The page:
Avoid using global git identity

When I clone a new project, I put the proper email address (e.g., a company email) as an author email in the local config stored in the repository. It worked fine until I started working for a client whose project is spread across many repositories that I cloned when needed.

I can’t count how many times I forgot to put the correct email into the local config of the newly cloned repository before committing anything into it – just because I was in a rush. In effect, my personal email (which occupies my global configuration) has been leaking many times into commits, sentenced to last forever in the git history. I’ve probably done it more times than I even realize.

To avoid making these mistakes, don’t use a global git configuration for identity.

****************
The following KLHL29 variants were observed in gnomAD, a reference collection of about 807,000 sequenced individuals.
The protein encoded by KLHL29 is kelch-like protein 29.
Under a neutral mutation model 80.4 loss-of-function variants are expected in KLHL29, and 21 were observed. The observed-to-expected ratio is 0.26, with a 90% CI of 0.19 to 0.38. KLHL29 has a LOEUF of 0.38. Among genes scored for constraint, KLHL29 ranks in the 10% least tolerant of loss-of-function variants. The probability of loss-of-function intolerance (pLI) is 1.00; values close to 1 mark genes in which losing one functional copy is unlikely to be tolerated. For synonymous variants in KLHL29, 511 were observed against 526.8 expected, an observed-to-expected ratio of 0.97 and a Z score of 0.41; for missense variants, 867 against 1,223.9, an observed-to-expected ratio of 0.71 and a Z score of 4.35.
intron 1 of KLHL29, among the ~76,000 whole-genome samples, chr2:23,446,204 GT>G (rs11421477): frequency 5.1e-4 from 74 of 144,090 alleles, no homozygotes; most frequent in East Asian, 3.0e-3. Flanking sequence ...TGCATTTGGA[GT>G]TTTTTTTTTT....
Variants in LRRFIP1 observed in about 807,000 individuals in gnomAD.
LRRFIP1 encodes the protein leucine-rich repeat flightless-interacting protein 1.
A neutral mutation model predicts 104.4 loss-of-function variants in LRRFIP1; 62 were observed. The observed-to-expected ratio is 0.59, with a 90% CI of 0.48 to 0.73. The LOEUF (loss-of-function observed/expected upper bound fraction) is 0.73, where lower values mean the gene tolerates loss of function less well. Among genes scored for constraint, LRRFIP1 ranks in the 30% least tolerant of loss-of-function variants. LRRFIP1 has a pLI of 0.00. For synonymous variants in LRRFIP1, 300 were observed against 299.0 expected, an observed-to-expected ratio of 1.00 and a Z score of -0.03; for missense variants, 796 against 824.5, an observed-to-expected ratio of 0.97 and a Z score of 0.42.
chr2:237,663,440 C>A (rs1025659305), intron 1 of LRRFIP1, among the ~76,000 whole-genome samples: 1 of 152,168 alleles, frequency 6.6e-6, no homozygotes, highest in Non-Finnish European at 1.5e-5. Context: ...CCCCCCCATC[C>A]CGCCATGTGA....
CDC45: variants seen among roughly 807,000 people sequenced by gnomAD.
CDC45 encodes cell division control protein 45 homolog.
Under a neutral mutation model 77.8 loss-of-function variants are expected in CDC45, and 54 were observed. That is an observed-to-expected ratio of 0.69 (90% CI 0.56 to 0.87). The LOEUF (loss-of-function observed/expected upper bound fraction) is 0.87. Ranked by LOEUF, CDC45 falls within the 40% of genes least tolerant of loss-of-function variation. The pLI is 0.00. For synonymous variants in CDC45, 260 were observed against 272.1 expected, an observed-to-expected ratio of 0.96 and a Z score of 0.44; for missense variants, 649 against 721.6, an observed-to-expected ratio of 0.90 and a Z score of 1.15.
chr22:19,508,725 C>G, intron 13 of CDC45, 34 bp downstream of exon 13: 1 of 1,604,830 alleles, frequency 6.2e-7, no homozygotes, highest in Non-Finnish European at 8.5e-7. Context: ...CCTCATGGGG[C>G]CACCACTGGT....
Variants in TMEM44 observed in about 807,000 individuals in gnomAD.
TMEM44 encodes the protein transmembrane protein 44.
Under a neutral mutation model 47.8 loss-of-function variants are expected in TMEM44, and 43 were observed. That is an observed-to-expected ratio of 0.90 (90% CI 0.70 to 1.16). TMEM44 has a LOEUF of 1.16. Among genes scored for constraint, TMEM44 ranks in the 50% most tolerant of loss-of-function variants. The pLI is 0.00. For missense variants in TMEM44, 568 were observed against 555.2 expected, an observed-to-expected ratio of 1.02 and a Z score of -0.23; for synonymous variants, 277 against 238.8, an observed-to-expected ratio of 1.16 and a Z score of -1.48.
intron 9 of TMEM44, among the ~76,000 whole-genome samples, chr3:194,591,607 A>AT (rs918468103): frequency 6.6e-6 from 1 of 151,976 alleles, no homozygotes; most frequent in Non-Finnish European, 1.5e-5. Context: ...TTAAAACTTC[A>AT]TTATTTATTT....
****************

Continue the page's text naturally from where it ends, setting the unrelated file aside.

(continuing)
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Automatic file versioning after change using fswatch and git

I create a lot of notes. Seriously, I write tons of notes. Inspired by Getting Things Done method, I treat my mind as a thoughts generator rather than the storage. I capture thoughts, ideas, inspiring quotes, links, and pictures. Mostly using files.

Although I’m on the early stage of creating my custom note-taking solution, I’ve done some work to synchronize notes between devices and versioning them. In this article, I’d like to focus on the latter and I’m going to show you how to set up automatic files versioning.

I’m a software developer so, unsurprisingly, I use git to versioning my notes as well. Instead of manually committing changes, I take advantage of tools like fswatch and launchd to automate this process.

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